If a consumer were to donate the $1.85 purchase price for a bottle of Ethos water to http://www.wateraid.org, or CARE International, then get their drinking water from the tap, there would be a heck of a lot more impact than the $.05 that Starbucks will donate.
    In addtion, there would be much less of an impact on the environment. Did you know that a huge amount of water is consumed when manufacturing plastic bottles? 17.5 kg of water is used to make 1 kg of PET (the plastic). Additionally, in the U.S., 30 million plastic water bottles go into landfills in the U.S. EVERY DAY.
    Also – Ethos has a bottling plant in Phoenix, AZ. I don’t know about you, but it seems a little screwed up to me that water is being bottled in the desert, then shipped all over the U.S., and possibly the world.

  • Matt Pulley

    I love the humanitarian efforts, and I’m not trying to criticize Ethos (because they’ve done much more than I have), but why are they bottling fresh water that they could be giving out in areas that need it? I think the idea somewhat defeats itself…

  • Ryan Worthington

    Starbucks is smart. Ethos is the only water that I am aware of that has a sense of activism to it. So Starbucks has a monopoly on the “social water market.” Since they charge $1.80 for it and donate $0.05, they stand to make a healthy profit. I assume this is just plain bottled water, nothing is mentioned of its origins, be it an exotic spring or a super tecnical purification method. So taking ordinary bottled water, raising the price, and donating approx 3% of the purchase price to a chairtable organization is a extremely smart business move. I personally will not be a person who purchases it.

  • Pete

    I’ve read blog after blog on this subject and a couple of things really stick out. The ‘stated’ cost [to the compnay] for a bottle of water is around $1.20 for a pint from a self replenishing spring in Pennsylvania. If the founders of Ethos/Starbucks are so interested in getting more money to the ‘unwatered’ areas of the world, find a cheaper water supply. I can go to the store and buy a bottle of great tasting water (Dasani, aquafina) for $.99 to $1.09. Yes, I know that Coca-Cola owns that brand but Ethos is also tied to Pepisco for distr purposes. How do they make a sig profit at on such a cheaper price. Another unethical result to this socially responsible idea is the empty plastic bottles being sent to our landfills. Has Starbucks forgotten why they sell their ‘hot’ coffee in paper cups.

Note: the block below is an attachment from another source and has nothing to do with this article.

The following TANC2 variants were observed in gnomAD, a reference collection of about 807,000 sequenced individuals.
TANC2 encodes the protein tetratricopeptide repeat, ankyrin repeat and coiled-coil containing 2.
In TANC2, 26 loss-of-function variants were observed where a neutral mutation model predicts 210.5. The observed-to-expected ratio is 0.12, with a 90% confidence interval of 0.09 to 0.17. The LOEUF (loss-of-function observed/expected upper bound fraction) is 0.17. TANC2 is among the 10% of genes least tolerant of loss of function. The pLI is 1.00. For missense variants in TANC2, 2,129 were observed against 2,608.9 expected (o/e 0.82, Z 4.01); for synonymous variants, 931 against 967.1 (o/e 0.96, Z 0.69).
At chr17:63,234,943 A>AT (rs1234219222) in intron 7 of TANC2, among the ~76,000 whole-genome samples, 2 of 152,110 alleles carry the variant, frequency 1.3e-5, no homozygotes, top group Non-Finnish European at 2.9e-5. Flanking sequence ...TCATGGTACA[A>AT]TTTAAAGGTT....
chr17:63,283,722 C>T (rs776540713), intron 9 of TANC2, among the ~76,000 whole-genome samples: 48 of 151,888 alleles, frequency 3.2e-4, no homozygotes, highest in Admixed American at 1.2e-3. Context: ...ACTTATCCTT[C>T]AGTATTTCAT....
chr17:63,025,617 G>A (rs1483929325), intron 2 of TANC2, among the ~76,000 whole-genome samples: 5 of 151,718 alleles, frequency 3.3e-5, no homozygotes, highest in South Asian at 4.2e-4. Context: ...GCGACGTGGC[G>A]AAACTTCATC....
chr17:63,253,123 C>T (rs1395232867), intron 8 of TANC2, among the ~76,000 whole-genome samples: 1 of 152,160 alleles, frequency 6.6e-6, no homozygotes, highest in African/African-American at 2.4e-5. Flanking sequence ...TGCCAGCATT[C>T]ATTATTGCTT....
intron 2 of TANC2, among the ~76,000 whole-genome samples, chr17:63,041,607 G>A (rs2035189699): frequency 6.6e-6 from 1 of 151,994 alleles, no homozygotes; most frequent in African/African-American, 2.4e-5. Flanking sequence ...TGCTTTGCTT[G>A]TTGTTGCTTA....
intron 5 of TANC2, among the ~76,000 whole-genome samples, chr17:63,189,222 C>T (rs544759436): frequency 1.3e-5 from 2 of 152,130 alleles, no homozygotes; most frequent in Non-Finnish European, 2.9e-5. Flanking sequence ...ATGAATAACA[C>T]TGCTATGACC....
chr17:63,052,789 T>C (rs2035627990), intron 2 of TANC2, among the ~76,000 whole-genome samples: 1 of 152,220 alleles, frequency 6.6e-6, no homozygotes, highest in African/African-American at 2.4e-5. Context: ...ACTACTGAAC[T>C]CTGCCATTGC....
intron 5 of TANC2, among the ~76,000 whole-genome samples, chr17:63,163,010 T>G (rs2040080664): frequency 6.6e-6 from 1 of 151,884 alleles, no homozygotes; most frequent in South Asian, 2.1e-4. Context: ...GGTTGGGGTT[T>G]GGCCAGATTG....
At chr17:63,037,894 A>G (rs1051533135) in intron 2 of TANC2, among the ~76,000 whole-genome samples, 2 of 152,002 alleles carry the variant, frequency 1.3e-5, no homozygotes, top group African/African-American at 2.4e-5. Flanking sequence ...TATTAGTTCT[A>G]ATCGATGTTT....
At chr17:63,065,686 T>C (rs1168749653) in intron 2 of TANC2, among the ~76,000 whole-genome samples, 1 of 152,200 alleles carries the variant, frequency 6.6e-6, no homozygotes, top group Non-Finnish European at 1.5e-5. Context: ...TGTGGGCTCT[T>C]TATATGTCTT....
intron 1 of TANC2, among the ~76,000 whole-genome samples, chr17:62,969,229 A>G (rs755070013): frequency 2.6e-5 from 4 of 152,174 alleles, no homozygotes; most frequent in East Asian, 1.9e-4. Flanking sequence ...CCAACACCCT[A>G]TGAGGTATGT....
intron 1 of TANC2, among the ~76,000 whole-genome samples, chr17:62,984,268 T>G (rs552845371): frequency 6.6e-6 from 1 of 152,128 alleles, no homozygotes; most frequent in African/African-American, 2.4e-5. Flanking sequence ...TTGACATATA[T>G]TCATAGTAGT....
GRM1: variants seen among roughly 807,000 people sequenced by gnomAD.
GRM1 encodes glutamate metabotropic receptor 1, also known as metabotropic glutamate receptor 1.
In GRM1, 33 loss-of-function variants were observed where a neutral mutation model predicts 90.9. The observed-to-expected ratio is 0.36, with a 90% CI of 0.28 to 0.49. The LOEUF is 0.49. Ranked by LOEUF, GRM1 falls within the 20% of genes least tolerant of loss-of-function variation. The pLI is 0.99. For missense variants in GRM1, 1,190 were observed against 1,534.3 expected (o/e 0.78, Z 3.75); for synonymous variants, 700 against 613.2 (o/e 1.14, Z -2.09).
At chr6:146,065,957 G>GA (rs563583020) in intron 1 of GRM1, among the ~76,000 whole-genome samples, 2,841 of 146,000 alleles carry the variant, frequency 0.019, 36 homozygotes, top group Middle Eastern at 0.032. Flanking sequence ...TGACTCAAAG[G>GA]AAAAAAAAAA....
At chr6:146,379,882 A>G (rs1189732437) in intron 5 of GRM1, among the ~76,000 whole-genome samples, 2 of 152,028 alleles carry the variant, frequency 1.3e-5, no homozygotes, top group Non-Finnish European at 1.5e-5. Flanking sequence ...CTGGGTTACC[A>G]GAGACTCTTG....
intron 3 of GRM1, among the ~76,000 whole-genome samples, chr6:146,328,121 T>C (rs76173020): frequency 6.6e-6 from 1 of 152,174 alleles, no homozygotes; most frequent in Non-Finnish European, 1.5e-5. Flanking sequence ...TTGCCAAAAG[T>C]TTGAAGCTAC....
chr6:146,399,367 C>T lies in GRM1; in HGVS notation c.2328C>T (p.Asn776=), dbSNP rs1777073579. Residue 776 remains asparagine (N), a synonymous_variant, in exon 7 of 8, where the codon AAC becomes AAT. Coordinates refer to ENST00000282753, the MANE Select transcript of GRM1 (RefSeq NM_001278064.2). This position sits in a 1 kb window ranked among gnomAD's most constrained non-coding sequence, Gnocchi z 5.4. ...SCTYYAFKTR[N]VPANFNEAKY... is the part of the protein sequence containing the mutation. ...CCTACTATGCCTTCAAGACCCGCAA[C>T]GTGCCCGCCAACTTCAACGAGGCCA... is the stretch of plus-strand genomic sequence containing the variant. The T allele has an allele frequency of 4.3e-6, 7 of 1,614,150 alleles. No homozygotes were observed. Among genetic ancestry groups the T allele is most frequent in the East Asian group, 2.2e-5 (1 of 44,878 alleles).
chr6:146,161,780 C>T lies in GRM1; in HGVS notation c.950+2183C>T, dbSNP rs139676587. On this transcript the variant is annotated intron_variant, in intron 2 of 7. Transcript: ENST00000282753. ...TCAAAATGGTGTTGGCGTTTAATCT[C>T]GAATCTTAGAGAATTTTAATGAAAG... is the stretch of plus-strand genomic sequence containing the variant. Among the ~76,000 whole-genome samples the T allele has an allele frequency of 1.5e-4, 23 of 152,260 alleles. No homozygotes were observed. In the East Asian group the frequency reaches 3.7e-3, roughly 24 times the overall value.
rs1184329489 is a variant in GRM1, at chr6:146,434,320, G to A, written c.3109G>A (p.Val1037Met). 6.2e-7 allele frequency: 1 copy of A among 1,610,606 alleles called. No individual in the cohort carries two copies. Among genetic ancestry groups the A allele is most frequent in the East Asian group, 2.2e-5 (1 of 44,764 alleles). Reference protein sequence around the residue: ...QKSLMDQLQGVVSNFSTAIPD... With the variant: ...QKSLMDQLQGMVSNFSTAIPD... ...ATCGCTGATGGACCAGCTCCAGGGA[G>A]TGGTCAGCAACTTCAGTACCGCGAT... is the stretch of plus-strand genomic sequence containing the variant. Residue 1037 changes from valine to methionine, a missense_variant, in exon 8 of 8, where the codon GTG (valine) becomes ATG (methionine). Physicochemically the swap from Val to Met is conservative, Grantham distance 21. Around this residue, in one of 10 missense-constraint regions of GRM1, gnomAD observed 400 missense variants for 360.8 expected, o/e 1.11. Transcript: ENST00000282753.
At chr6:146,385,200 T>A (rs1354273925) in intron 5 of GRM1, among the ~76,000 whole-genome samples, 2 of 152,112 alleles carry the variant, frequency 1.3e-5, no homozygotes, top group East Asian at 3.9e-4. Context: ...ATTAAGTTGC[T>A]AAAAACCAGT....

Another thing that people in general need to know is that Ethos water is a business, in other words they want to generate a profit. Is it ethical to promote a $1.85 bottle of water with social resp in order to do so? You have to make that decision.
    If it were seriously for the best interest of JUST the people it was intended for (non-watered areas), Starbucks would do better just to post a sign with a jar saying the exact same thing Ethos is saying on their sign and have people donate their change. Of course, those exec’s at Ethos/Starbucks wouldnt get that huge return they see from that $1.85 bottle of water, but the profit shouldnt be what it’s about, right?

  • Kate

    Pete is so correct. I have just emailed Starbucks, suggesting they contribute $0.80 instead of &0.05, as they can STILL make a healthy profit for their shareholders. I personally would not by such expensive water, and feel charities like the Heifer Project make better use of my money.
    And it’s true that we are putting a tremous strain on our landfills with all of the empy plastic bottles. Hopefully, enough of us will wake up to the fact that we can help others by giving money to good charities AND being responsible denizens of the world by being mindful to reduce, reuse, and recycle.

  • Amber

    I love the idea of what Ethos is doing. And yes, I think that Starbucks is making FAR too much profit from it, but Ethos/Starbucks has started to come out with other products, such as cups. I bought one the other day. That way I made a contribution, as well as stopped adding to the plastic bottle waste by using tap water and ice. :)